We’ve all had a bad race — or one where we finished just off the podium — and come into the final stretch already feeling defeated. Most of us can admit to shedding a tear or two in frustration as a result. After all, we can’t win every single race. When it comes to dealing with failure like a boss, Simon Marshall, PhD, and co-author of the recently released sports psychology book “The Brave Athlete: Calm the F*ck Down and Rise to the Occasion,” offers some words of wisdom.
TAKE TIME TO GRIEVE
It’s not that you should smile and move on after your race didn’t go according to plan, Marshall says. It’s completely reasonable to take time to wallow. “When it just happened, it’s very raw, and the worst thing to hear is ‘there are plenty of other races,’ that kind of thing,” he says. “Understand your feelings, and don’t judge yourself for them.” If you feel like you let yourself down, explore that — with a sports psychologist, a friend or in a journal. “You can be in a funk, you can have some time to grieve that perceived failure,” he adds. So wallow away — then, get over it.
DON’T IMMEDIATELY TRY TO FIX THINGS
It’s our tendency to start planning our next race, or deconstruct what went wrong in this race, when we have a bad day. Taking a minute to jot down notes for things like gut issues with sports drinks, or a pain in your pinky toe is absolutely fine, but don’t let failure cloud your perception of your training and next races on the calendar. Think of it like being a little tipsy after a party: It’s not the time to call your ex, just like post-race isn’t time to completely overhaul your training or sign up for a race the next day. Take some time until you can be objective about your training and calendar before making changes.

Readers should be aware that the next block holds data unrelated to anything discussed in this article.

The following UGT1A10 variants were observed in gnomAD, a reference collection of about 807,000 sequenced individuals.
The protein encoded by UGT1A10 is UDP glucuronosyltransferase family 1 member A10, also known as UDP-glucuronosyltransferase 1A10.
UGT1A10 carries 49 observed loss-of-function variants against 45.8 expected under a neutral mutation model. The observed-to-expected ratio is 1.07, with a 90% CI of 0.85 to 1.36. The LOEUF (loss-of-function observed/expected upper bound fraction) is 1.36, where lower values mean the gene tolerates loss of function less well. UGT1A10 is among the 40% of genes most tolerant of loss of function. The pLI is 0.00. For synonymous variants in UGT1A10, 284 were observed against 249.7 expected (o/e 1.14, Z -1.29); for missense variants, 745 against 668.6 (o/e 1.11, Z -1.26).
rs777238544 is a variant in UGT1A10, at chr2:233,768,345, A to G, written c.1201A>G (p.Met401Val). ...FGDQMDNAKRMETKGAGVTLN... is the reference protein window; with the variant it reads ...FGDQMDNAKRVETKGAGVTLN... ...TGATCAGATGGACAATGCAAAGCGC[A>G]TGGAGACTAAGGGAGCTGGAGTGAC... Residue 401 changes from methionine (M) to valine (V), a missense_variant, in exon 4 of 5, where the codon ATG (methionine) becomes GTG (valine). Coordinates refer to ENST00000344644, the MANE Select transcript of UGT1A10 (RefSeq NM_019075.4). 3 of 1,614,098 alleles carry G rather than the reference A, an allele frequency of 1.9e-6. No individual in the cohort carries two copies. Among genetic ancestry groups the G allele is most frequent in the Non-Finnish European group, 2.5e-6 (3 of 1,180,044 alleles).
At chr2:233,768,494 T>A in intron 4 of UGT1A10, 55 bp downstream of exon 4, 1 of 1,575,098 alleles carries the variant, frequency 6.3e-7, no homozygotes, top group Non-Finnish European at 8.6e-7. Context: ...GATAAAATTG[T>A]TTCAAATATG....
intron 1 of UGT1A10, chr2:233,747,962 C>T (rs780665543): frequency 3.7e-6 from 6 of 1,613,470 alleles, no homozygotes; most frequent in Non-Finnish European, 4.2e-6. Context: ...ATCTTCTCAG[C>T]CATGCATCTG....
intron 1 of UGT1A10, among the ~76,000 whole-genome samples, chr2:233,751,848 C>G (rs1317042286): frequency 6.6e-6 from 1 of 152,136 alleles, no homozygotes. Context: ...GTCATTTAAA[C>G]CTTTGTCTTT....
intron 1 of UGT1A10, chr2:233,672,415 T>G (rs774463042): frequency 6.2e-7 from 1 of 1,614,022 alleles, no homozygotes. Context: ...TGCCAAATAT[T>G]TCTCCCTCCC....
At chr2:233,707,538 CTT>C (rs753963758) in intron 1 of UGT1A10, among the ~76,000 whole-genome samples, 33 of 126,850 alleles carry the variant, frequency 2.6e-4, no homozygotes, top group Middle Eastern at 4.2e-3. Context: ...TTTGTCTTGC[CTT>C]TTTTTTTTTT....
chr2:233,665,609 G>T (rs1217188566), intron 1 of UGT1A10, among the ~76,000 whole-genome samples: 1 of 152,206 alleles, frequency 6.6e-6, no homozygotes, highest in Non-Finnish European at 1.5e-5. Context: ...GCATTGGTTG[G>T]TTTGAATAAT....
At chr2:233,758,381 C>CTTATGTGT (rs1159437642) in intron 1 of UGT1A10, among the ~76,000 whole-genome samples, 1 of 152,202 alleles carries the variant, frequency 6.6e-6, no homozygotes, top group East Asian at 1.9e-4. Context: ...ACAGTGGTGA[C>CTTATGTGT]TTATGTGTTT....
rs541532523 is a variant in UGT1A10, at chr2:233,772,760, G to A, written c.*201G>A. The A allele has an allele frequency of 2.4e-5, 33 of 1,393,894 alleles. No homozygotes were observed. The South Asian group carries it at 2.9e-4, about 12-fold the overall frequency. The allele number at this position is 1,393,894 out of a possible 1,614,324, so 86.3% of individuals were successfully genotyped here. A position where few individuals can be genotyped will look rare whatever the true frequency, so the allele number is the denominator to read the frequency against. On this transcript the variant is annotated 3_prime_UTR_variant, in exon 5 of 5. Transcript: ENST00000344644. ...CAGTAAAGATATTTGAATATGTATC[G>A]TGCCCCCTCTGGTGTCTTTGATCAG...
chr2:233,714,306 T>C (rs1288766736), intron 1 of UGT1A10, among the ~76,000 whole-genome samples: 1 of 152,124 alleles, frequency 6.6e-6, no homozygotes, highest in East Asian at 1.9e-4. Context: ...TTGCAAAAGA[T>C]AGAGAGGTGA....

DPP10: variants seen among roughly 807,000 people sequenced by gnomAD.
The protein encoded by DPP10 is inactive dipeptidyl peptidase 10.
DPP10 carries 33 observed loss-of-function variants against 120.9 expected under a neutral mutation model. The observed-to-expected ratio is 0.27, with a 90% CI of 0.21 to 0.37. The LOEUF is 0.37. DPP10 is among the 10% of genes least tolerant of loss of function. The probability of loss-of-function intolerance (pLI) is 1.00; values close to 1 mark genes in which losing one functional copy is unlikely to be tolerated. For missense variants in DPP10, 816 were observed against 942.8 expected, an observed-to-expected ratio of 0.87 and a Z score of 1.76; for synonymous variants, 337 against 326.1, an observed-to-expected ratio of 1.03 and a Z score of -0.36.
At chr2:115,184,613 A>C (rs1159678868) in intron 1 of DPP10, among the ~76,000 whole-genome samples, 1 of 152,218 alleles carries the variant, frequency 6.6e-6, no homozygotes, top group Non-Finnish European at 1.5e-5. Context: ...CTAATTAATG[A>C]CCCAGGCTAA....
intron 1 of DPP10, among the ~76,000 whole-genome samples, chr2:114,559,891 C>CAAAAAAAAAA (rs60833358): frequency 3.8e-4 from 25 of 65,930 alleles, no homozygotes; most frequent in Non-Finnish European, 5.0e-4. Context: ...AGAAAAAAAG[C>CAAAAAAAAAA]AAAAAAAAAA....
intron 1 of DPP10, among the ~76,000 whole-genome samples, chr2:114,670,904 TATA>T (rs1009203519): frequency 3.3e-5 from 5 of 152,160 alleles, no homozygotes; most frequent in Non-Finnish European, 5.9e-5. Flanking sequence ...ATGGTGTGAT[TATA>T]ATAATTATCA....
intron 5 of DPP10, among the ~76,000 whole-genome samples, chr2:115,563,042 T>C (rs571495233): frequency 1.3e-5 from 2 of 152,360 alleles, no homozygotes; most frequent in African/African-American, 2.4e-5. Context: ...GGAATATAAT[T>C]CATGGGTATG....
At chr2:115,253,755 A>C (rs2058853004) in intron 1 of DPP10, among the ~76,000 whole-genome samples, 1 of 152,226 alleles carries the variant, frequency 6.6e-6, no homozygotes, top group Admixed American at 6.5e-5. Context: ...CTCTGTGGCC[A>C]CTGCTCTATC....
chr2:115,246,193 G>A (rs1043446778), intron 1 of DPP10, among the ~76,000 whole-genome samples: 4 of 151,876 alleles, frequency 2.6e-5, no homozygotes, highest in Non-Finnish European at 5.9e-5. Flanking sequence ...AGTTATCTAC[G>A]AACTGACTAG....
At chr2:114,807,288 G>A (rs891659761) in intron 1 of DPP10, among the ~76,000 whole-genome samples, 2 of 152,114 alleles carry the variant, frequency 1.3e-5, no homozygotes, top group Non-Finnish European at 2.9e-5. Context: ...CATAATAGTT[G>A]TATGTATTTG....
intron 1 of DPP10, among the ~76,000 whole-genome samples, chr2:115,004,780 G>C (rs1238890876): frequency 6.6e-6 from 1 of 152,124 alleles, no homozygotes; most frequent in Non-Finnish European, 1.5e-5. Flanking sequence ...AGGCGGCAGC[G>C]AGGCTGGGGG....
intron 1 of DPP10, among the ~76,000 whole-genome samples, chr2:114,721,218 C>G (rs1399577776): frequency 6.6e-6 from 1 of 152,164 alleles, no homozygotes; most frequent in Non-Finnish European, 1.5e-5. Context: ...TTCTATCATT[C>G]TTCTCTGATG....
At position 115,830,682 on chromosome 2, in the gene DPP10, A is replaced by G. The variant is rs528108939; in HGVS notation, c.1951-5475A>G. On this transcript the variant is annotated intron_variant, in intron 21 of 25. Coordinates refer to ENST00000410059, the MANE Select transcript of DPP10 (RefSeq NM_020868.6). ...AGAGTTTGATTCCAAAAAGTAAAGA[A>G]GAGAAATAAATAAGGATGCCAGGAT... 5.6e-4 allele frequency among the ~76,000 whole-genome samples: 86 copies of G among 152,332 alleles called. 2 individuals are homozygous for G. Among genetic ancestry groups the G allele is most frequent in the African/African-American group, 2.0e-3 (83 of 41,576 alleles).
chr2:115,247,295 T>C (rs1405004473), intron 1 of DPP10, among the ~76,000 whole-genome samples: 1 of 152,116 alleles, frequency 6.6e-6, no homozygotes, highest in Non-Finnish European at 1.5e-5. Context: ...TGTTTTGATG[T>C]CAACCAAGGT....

READ MORE > YOU RAN YOUR GOAL RACE, NOW WHAT?
DEFINE WHAT “FAILURE” MEANS FOR YOU
“We have a lot of different voices about what failure is, and we need to figure out where they’re coming from,” Marshall says. That might mean we’ve grown up with a parent who told us second place was the first loser or maybe it’s from just missing that Boston Marathon qualifier by seconds. Maybe we used to finish on the podium at every race, and now, we’re finishing outside the top 10. The problem with any of these versions of failure is simple: We can’t control what the other people are doing any given day. Marshall reminds clients that their competitors are outside of the realm of control and because of this, setting goals like “podium in my age group” are unfairly weighted, depending on the strength of the field.
NOW, REDEFINE IT
“You had a bad run. That doesn’t mean that you as a person are a failure,” Marshall says. We tend to internalize outward failures, and that damages our psyche and sporting career. Marshall measures success with a simple question: Did you go out there and race to the best of your ability on that given day? This doesn’t mean hitting your PR, it means giving your all, which may not be PR level that day. It’s a lot more fun to consider all of your races successful than it is to consider all but a select few as failures, right?
READ MORE > WHAT’S A PR? AND WHY YOU NEED ONE
FORCE YOURSELF TO CHILL
Marshall has a client who he actually forces to ‘fail.’ He sends her to races and instructs her to start a minute or so back from the pack — i.e she waits 60 seconds after the race start of a 10K — and then to start and finish as hard as she can. This way, he’s removed her expectations about winning (and, really, her ability to do so), and she can be freer in her run, taking risks and relearning the joy of simply racing and passing through other people in the field. So, if you find you can’t enjoy the competition because you go crazy at the prospect of failing or you’re freaking out about not making it to the podium, consider starting from the back and not allowing yourself the chance to win, just to remember the feeling of simply “racing.”
Whether you succeed or fail, the biggest thing you’re probably not doing is taking the time post-race to really feel those feelings and embrace that race day, rather than planning what’s next. “As humans, we’re seekers,” Marshall says. “No sooner is something over, we’re looking over the horizon at what’s next, how we can go better, go faster. But we need to wallow in our successes and our failures. That’s what mindfulness means: looking at what you’ve accomplished, and taking the time to appreciate it and enjoy it.”